Not much data is available at this time for the McNeill family. The name itself is of Irish origin, with an Icelandic connection, which migrted to Scotland. [A DICTIONARY OF SURNAMES; Patrick Hanks and Flavia Hodges; Oxford University Press; Oxford; 1991]: “Neil [McNeil] Irish, Scots and English; from a given name of Irish origin, Gael Niall…thought to mean  champion. This was adopted by Norsemen in the form of Njall and was brought to England both directly from Iceland by Scandinavian settlers and indirectly by the Normans…O’Neill is the usual Irish form of this very common  surname. The O ‘Neills are a branch of the ancient royal family of Tara…the red hand of Ulster is taken from the arms of the O’Neill family…”

Additionally, the SCOTTISH CLAN & FAMILY ENCYCLOPEDIA [George Way; Barnes & Noble Books; N. Y.; 1998] tells us of the chief of the Clan: “The Clan MacNeil claims descent from Niall, a descendant of Aodh O’Neil, King of the North of Ireland at the beginning of the eleventh century. Aodh was twentieth in descent from Niall of the Nine Hostages, the pagan fifth century founder of the mighty U’Neill dynasty. Niall came to the island of Barra in the Outer Hebrides around 1049, and is reckoned the first chief…Neil Macneil, fifth of Barra, was described as a prince at a Council of the Isles in 1252. He was still the chief when King Haakon’s army was defeated at Largs in 1263, ending the Norwegian domination of the Hebrides. His son, Neil og Macneil is believed to have fought with Robert the Bruse  at Bannockburn. He was rewarded with lands in north Kintyre…..[T]he fifteenth chief…was denounced so many times before the Privy Council that he has been described as a ‘hereditary outlaw’ and was known as ‘the turbulent’ or Ruari the Tatar.’ He has been described as the last of the Vikings, raiding from his island castole of Kisimul…Ruari, who lived by the sword, was probably not surprised when his own nephews launched an attack on Kisimul in 1610. They captured their uncle and put him in chains. His son Neil Og became chief. He had a more conventional attitude towards central authority and was appointed a Colonel of Horse by King Charles. He fought at the Battle of Worcester in 1651. His grandson, Roderick Dhu, the Black, was well received at court….The Macneils were Jacobites, and Black Roderick led his clansmen to fight for James VII at Killiecrankie in 1689. He remained lyal to the cause and rallied…at the Rising of 1715. His tgwo sons, Roderick and James, went into exile in France. They returned on their father’s death and, for his Jacobite sympathies, Roderick was consigned to a prison ship, the Royal Sovereign. He was later taken to London and was not released until July 1747. The estates, however, were not forfeited…General Roderick Macneil…was forced to sell Barra in 1838. The general had no children, and the chiefship passed to a cousin, whose line had emigrated to America at the beginning of the nineteenth century. It was from the New World that the father of the present chief came to reclaim Kismul…in 1937…his son, who is a Professor of Law, divides his time between Barra, Edinburgh and the USA.”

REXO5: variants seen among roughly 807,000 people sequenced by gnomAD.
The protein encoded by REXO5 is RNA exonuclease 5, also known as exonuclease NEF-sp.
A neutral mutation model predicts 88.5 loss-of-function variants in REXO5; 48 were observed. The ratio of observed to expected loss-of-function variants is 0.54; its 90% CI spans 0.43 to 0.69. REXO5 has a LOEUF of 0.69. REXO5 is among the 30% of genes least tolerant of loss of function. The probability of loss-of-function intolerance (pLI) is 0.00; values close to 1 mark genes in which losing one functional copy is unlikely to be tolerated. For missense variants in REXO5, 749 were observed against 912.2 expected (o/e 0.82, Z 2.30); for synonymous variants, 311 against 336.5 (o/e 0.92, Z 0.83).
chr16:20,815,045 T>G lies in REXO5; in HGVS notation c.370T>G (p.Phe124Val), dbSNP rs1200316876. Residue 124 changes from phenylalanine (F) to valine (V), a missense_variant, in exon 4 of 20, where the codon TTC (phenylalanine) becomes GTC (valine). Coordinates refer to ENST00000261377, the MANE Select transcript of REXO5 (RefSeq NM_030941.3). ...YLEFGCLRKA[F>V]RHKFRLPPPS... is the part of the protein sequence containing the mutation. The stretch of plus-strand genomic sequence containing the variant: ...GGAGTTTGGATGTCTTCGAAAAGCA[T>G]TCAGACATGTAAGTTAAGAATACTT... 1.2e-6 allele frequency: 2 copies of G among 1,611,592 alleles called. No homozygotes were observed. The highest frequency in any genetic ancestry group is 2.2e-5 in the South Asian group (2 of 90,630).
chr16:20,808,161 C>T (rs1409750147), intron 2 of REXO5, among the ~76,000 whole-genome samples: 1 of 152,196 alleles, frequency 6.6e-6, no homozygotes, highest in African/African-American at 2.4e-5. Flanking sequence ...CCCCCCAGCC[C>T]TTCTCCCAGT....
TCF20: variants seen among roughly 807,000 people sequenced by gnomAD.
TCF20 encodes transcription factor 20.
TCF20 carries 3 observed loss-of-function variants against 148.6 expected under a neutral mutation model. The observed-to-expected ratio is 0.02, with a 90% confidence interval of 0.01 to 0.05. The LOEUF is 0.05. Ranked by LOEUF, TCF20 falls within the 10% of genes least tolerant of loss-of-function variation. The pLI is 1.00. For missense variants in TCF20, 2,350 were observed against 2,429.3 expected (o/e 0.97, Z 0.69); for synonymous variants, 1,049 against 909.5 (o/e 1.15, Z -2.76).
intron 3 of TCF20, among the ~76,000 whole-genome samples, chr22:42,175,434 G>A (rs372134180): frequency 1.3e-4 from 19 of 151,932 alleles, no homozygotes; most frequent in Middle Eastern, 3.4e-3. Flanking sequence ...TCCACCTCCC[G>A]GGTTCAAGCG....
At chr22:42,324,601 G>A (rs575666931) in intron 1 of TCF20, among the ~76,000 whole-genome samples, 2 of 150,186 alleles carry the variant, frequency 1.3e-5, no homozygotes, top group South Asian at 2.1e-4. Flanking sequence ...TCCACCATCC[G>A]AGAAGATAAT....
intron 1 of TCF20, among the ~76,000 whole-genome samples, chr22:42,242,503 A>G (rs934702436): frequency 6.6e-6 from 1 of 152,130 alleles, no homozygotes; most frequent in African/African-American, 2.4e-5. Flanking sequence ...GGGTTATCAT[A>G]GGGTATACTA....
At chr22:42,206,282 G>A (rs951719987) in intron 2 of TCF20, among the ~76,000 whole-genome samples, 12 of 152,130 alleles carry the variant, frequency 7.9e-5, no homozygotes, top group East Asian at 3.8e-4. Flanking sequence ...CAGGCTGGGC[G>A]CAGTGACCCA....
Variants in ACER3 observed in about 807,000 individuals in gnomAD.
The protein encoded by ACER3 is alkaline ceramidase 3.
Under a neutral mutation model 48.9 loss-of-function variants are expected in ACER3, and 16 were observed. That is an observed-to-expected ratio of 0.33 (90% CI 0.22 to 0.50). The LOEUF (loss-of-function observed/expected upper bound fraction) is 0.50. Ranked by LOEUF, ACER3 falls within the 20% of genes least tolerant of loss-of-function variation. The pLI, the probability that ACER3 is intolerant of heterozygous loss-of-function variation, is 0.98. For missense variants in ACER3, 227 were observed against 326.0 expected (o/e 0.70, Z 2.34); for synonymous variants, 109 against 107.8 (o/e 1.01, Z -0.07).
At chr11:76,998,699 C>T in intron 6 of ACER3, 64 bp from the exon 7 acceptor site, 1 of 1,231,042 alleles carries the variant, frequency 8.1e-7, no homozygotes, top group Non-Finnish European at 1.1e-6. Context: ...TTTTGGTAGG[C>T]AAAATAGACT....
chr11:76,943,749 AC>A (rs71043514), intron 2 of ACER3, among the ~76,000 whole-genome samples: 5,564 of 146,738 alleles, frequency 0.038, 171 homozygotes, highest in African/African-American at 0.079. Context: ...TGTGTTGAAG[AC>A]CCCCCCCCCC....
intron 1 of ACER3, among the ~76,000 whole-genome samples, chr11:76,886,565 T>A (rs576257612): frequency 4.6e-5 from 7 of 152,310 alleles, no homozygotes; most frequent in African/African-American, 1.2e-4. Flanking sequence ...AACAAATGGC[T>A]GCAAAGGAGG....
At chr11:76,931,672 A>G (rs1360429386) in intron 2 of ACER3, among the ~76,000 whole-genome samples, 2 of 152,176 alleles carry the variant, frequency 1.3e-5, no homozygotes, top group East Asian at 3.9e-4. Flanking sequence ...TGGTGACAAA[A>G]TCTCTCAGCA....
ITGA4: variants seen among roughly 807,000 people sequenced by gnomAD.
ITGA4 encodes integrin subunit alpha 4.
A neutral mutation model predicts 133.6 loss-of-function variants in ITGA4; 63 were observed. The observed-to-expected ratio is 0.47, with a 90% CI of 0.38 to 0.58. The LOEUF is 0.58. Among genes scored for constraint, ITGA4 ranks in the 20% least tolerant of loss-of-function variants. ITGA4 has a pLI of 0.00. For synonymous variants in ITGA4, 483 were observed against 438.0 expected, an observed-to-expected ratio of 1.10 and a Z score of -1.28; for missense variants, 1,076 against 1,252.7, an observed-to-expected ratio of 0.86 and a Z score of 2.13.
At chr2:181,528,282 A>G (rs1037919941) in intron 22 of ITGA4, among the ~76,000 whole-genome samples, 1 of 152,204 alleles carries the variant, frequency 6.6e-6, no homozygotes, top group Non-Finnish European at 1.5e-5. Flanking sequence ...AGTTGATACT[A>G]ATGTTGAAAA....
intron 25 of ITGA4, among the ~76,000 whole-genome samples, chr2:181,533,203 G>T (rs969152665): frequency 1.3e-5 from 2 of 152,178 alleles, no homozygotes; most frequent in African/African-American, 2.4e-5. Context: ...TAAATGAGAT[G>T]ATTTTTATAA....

b. c. 1850, d. ??
Born at Cockpen, Edinburgh County, Scotland.

Married Ann Scott c. 1872
b. 5 January 1853 D. ??

Occupation: Coal Miner/Plasterer

Children: George b. 1874 Tranent, Haddington; Archibald, b. c. 1876, Tranent; Marion [Dau.] b. c. 1878, Tranent; William, b. Edinburgh, c. 1879; Ann b. Newbattle, c. 1880; Others??

In the 1881 census, the family is living on Brick Block No. 2, Newbattle, Midlothian.

In the 1901 Census of Scotland, the widowed Ann and her children are living at 16 Church Street, Tranent, East Lothian. Living with them is Ann’s father, Archibald Scott, age 79, and a “boarder” – a 4 year old named Katie Coyne. Ann is said to be a laundress, William a coal miner, and Ann the younger a general servant.


b. ca. 1879 d. ???

Married Margaret McDonald on 3 February 1906, she b. c. 1887. d. ??

Known children: John McNeill; James McNeill; Annie; Tiss; Others: ??

Occupation: Foreman, Yardsman.

William McNeill's earliest known record is at Musselburgh.

UNDISCOVERED SCOTLAND, a website devoted to tours of Scotland, states that “Musselburgh lies just seven miles east of Edinburgh and is a strong contender for the title of Scotland’s oldest town. It was first settled by the Romans in the years following their invasion of Scotland in AD80. They built a fort a little inland from the mouth of the River Esk and bridged the river here. In doing so they established the line of the main eastern approach to Scotland’s capital for most of the next two thousand years.

“The bridge built by the Romans outlasted them by many centuries. It was rebuilt on the original Roman foundations some time before 1300, and in 1597 it was rebuilt again, this time with a third arch added on the east side of the river. The Old Bridge is also known as the Roman Bridge and remains in use today by pedestrians. To its north is the New Bridge built in 1806. This in turn was considerably widened in 1925.